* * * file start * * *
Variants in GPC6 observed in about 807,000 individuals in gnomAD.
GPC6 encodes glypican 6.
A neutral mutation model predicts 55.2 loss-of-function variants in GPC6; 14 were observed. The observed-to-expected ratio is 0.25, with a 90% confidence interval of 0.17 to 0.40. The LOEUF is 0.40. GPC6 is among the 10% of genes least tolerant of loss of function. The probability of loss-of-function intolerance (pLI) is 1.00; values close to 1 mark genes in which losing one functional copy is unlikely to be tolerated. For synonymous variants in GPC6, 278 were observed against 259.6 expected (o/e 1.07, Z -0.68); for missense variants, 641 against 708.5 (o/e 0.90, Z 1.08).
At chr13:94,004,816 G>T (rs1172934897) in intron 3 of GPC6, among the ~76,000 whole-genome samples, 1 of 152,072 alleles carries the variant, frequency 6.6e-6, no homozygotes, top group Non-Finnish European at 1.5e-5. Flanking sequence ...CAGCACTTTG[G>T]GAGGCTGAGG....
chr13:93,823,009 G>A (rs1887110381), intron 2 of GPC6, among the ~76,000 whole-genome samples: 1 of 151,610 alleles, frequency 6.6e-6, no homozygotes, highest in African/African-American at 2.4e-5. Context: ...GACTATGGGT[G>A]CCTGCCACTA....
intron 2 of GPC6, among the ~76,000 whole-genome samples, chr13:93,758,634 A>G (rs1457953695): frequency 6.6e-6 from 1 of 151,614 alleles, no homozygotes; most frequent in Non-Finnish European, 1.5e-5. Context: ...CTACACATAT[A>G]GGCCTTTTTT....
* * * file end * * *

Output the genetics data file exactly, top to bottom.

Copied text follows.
Variants in GPC6 observed in about 807,000 individuals in gnomAD.
GPC6 encodes glypican 6.
A neutral mutation model predicts 55.2 loss-of-function variants in GPC6; 14 were observed. The observed-to-expected ratio is 0.25, with a 90% confidence interval of 0.17 to 0.40. The LOEUF is 0.40. GPC6 is among the 10% of genes least tolerant of loss of function. The probability of loss-of-function intolerance (pLI) is 1.00; values close to 1 mark genes in which losing one functional copy is unlikely to be tolerated. For synonymous variants in GPC6, 278 were observed against 259.6 expected (o/e 1.07, Z -0.68); for missense variants, 641 against 708.5 (o/e 0.90, Z 1.08).
At chr13:94,004,816 G>T (rs1172934897) in intron 3 of GPC6, among the ~76,000 whole-genome samples, 1 of 152,072 alleles carries the variant, frequency 6.6e-6, no homozygotes, top group Non-Finnish European at 1.5e-5. Flanking sequence ...CAGCACTTTG[G>T]GAGGCTGAGG....
chr13:93,823,009 G>A (rs1887110381), intron 2 of GPC6, among the ~76,000 whole-genome samples: 1 of 151,610 alleles, frequency 6.6e-6, no homozygotes, highest in African/African-American at 2.4e-5. Context: ...GACTATGGGT[G>A]CCTGCCACTA....
intron 2 of GPC6, among the ~76,000 whole-genome samples, chr13:93,758,634 A>G (rs1457953695): frequency 6.6e-6 from 1 of 151,614 alleles, no homozygotes; most frequent in Non-Finnish European, 1.5e-5. Context: ...CTACACATAT[A>G]GGCCTTTTTT....